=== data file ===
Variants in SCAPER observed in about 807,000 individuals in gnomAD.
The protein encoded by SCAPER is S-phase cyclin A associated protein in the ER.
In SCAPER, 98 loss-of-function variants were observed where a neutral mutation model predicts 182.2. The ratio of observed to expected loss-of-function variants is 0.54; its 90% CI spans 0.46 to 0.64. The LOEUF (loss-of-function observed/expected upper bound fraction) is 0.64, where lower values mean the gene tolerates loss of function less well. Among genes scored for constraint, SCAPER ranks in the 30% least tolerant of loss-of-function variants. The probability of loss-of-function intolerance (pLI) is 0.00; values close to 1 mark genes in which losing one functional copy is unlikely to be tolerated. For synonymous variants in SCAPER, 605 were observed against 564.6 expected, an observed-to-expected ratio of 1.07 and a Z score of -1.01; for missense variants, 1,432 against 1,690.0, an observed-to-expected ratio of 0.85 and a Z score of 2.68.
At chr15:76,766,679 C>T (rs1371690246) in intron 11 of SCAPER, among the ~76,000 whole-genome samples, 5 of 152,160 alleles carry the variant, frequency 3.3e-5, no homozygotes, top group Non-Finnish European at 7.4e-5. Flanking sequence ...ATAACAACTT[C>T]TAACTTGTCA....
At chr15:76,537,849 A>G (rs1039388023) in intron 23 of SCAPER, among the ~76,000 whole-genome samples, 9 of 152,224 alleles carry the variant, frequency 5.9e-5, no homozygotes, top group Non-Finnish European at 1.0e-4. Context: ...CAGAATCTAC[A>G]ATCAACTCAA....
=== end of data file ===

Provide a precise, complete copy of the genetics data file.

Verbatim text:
Variants in SCAPER observed in about 807,000 individuals in gnomAD.
The protein encoded by SCAPER is S-phase cyclin A associated protein in the ER.
In SCAPER, 98 loss-of-function variants were observed where a neutral mutation model predicts 182.2. The ratio of observed to expected loss-of-function variants is 0.54; its 90% CI spans 0.46 to 0.64. The LOEUF (loss-of-function observed/expected upper bound fraction) is 0.64, where lower values mean the gene tolerates loss of function less well. Among genes scored for constraint, SCAPER ranks in the 30% least tolerant of loss-of-function variants. The probability of loss-of-function intolerance (pLI) is 0.00; values close to 1 mark genes in which losing one functional copy is unlikely to be tolerated. For synonymous variants in SCAPER, 605 were observed against 564.6 expected, an observed-to-expected ratio of 1.07 and a Z score of -1.01; for missense variants, 1,432 against 1,690.0, an observed-to-expected ratio of 0.85 and a Z score of 2.68.
At chr15:76,766,679 C>T (rs1371690246) in intron 11 of SCAPER, among the ~76,000 whole-genome samples, 5 of 152,160 alleles carry the variant, frequency 3.3e-5, no homozygotes, top group Non-Finnish European at 7.4e-5. Flanking sequence ...ATAACAACTT[C>T]TAACTTGTCA....
At chr15:76,537,849 A>G (rs1039388023) in intron 23 of SCAPER, among the ~76,000 whole-genome samples, 9 of 152,224 alleles carry the variant, frequency 5.9e-5, no homozygotes, top group Non-Finnish European at 1.0e-4. Context: ...CAGAATCTAC[A>G]ATCAACTCAA....